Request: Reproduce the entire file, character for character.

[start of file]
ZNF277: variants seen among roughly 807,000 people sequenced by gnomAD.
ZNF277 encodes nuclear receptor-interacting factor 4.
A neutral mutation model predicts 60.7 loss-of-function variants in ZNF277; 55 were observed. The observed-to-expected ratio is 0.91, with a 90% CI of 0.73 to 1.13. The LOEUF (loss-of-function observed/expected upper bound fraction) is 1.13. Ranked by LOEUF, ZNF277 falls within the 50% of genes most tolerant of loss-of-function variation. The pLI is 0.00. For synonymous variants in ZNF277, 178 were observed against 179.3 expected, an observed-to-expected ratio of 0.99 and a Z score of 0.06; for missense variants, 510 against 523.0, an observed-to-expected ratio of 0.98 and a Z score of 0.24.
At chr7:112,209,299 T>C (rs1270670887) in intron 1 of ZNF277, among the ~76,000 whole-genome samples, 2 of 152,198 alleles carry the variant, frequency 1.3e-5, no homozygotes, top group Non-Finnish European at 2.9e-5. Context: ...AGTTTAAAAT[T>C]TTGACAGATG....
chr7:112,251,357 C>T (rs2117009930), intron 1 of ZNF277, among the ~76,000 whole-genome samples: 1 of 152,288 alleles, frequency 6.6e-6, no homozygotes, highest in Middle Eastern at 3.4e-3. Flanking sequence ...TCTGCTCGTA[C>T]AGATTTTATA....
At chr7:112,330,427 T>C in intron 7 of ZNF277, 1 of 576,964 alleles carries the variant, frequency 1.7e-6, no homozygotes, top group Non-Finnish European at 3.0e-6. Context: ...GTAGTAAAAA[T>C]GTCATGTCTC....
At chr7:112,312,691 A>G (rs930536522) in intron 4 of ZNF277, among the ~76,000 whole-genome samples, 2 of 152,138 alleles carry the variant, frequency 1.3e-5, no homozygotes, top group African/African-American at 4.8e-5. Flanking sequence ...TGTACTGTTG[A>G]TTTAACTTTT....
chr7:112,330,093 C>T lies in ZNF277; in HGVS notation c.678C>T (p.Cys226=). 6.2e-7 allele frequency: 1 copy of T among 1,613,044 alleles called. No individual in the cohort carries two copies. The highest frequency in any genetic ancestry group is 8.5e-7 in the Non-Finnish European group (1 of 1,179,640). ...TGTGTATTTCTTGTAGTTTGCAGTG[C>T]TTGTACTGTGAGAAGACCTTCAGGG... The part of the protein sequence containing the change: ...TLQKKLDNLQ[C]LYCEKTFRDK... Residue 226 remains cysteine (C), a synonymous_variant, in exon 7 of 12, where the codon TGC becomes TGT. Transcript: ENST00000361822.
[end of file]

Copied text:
ZNF277: variants seen among roughly 807,000 people sequenced by gnomAD.
ZNF277 encodes nuclear receptor-interacting factor 4.
A neutral mutation model predicts 60.7 loss-of-function variants in ZNF277; 55 were observed. The observed-to-expected ratio is 0.91, with a 90% CI of 0.73 to 1.13. The LOEUF (loss-of-function observed/expected upper bound fraction) is 1.13. Ranked by LOEUF, ZNF277 falls within the 50% of genes most tolerant of loss-of-function variation. The pLI is 0.00. For synonymous variants in ZNF277, 178 were observed against 179.3 expected, an observed-to-expected ratio of 0.99 and a Z score of 0.06; for missense variants, 510 against 523.0, an observed-to-expected ratio of 0.98 and a Z score of 0.24.
At chr7:112,209,299 T>C (rs1270670887) in intron 1 of ZNF277, among the ~76,000 whole-genome samples, 2 of 152,198 alleles carry the variant, frequency 1.3e-5, no homozygotes, top group Non-Finnish European at 2.9e-5. Context: ...AGTTTAAAAT[T>C]TTGACAGATG....
chr7:112,251,357 C>T (rs2117009930), intron 1 of ZNF277, among the ~76,000 whole-genome samples: 1 of 152,288 alleles, frequency 6.6e-6, no homozygotes, highest in Middle Eastern at 3.4e-3. Flanking sequence ...TCTGCTCGTA[C>T]AGATTTTATA....
At chr7:112,330,427 T>C in intron 7 of ZNF277, 1 of 576,964 alleles carries the variant, frequency 1.7e-6, no homozygotes, top group Non-Finnish European at 3.0e-6. Context: ...GTAGTAAAAA[T>C]GTCATGTCTC....
At chr7:112,312,691 A>G (rs930536522) in intron 4 of ZNF277, among the ~76,000 whole-genome samples, 2 of 152,138 alleles carry the variant, frequency 1.3e-5, no homozygotes, top group African/African-American at 4.8e-5. Flanking sequence ...TGTACTGTTG[A>G]TTTAACTTTT....
chr7:112,330,093 C>T lies in ZNF277; in HGVS notation c.678C>T (p.Cys226=). 6.2e-7 allele frequency: 1 copy of T among 1,613,044 alleles called. No individual in the cohort carries two copies. The highest frequency in any genetic ancestry group is 8.5e-7 in the Non-Finnish European group (1 of 1,179,640). ...TGTGTATTTCTTGTAGTTTGCAGTG[C>T]TTGTACTGTGAGAAGACCTTCAGGG... The part of the protein sequence containing the change: ...TLQKKLDNLQ[C]LYCEKTFRDK... Residue 226 remains cysteine (C), a synonymous_variant, in exon 7 of 12, where the codon TGC becomes TGT. Transcript: ENST00000361822.